2 out of 4 stars
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‘Keys to Tetouan’ by Mois Benarroch is a captivating and intimate novel about the Benzimra family, and their connection to the city of Tetouan.
The Benzimra family is a family of Sephardi Jews who, after the expulsion from Spain in 1942, settled in Tetouan, a city in the northern part of Morocco. Over time family members leave Tetouan and spread all over the world, settling in places such as Israel, Venezuela and Brazil. Others go back to Spain or settle in France.
The story begins when Fernando Benzimra finds out that he is Jewish. This is quite a revelation for him and he decides to go to Tetouan, back to where his family is from. The book continues to tell the stories of different members of the Benzimra family, about their lives and their connection to Tetouan. Some chapters are written in the form of letters, others are dialogues, and other chapters are narrated from a third person perspective. Themes like exile, a sense of belonging and identity are woven through the story.
I really liked the story and the explored themes of exile, identity and belonging. Especially the question of belonging is exposed in an interesting way. When a family moves from Tetouan to Israel, they do so to be in the country where they belong, a Jewish country. However, this dream does not quite come true, and is beautifully said by a young boy: ‘there we were Jews, here we are Moroccans’. This is probably true for many immigrants and exiles, and it is an interesting reality to explore.
I also learned a lot about Sephardi Jewish culture and about the state of Israel, and why this country is so important for Jewish people. I felt that the intimate style of the book was beautiful.
However, I did struggle with the style of writing, and I am not sure if this style was used on purpose, or if it happened accidently in the translation to english. A lot of comma’s are used, making sentences very long. I sort of got out of breath when reading. At first I thought this belongs to the style, but then in the chapters ‘David Sananes 1996’ and ‘El Itihad Maroc’ the style starts differently, with shorter sentences and then changes again after half a page. Therefore I am not sure if this is a clumsy translation or part of the writing style. But because of the different writing styles in different chapters, this is not a problem through the entire book. The chapters with the numbers, in which a child holds a dialogue with his parents, are beautifully written, both in style and in content.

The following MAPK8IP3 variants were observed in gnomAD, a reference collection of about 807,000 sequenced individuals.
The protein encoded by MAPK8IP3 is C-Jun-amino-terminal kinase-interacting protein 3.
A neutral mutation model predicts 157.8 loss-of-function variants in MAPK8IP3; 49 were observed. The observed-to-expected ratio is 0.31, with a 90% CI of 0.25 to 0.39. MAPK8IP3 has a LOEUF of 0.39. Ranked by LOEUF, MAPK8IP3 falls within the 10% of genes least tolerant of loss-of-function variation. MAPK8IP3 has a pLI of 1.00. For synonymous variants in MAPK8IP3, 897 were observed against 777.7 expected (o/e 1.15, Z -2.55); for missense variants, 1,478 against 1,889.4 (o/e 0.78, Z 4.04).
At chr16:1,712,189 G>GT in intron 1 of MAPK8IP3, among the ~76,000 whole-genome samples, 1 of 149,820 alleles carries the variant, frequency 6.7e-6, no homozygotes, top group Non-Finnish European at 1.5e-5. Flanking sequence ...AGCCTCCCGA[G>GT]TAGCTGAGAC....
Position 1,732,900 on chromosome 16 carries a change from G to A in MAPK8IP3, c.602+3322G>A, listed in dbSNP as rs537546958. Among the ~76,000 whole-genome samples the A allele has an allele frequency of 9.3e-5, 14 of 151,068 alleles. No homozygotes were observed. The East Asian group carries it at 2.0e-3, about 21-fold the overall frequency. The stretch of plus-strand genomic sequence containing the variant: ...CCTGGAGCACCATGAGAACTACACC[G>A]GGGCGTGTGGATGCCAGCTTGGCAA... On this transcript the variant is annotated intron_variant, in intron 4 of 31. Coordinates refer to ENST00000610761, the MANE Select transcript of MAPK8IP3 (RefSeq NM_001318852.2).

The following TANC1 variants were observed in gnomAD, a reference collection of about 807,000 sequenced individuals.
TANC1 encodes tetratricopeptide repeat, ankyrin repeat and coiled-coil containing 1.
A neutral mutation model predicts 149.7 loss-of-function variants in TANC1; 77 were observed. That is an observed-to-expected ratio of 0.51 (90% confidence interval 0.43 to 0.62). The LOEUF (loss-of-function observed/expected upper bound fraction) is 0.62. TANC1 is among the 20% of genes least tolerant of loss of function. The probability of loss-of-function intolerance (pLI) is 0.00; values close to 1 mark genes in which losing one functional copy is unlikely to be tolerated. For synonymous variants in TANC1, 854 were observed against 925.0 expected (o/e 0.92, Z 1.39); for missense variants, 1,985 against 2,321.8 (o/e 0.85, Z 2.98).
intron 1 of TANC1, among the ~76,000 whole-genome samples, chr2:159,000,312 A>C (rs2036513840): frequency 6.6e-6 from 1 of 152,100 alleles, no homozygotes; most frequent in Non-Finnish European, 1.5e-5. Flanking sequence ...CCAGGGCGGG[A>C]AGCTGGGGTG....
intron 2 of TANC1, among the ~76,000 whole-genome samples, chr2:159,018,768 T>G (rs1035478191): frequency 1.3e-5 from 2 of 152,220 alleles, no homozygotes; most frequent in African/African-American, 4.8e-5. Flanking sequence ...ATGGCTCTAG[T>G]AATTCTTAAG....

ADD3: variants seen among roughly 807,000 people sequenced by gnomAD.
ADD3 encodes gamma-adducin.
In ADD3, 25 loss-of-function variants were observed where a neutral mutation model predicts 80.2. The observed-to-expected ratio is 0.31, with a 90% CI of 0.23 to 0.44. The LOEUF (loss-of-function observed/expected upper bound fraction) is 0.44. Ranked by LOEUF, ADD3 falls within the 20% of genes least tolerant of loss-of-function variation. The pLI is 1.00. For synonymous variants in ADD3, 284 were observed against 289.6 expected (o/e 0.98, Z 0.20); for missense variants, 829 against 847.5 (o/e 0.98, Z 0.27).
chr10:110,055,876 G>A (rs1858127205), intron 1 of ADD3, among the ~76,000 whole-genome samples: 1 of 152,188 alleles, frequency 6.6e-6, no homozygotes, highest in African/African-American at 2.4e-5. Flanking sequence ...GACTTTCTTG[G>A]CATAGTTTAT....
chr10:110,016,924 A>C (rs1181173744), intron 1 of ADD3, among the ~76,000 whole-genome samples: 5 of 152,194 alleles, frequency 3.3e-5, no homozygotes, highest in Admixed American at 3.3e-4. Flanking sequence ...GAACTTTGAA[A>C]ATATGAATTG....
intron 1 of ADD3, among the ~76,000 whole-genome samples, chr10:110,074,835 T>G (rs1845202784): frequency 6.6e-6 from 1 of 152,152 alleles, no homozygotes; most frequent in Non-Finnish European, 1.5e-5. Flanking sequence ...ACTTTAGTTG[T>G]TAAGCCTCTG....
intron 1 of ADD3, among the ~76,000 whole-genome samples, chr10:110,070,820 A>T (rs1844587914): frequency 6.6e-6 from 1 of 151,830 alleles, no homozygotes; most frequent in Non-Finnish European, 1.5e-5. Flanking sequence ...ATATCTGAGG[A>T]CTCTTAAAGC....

I did struggle to keep track of all of the characters, and started to take notes whilst reading, so that I would not loose track. Maybe a family tree as an appendix or something would have been helpful.
Whilst reading I came across a lot of errors. Other reviewers mentioned typo’s where the space between the words was missing, this was not the case in my version of the book. However, I came across grammatical errors and spelling mistakes frequently, here a few examples: ‘the whole the Benzimra family….’(p 5) ‘Esterica who gave birth you…’(p 22), ‘married her because the other Coti….’(p 22), ‘being a Jew means marring a Jewish wife’ (p 43).
I rate this book 2 out of 4 stars. The story is beautiful and interesting, and I recommend this book to anyone with an interest in middle eastern or Jewish culture, literature or history. But I did struggle with the writing style in a lot of the chapters, which made it hard for me to be motivated to continue to read the book. And I could not really get into the story because I could not keep track of all the characters and how they were all related. A glossary would have been helpful, I was unfamiliar with quite a number of words and concepts related to Jewish culture and religion.
Keys to Tetouan
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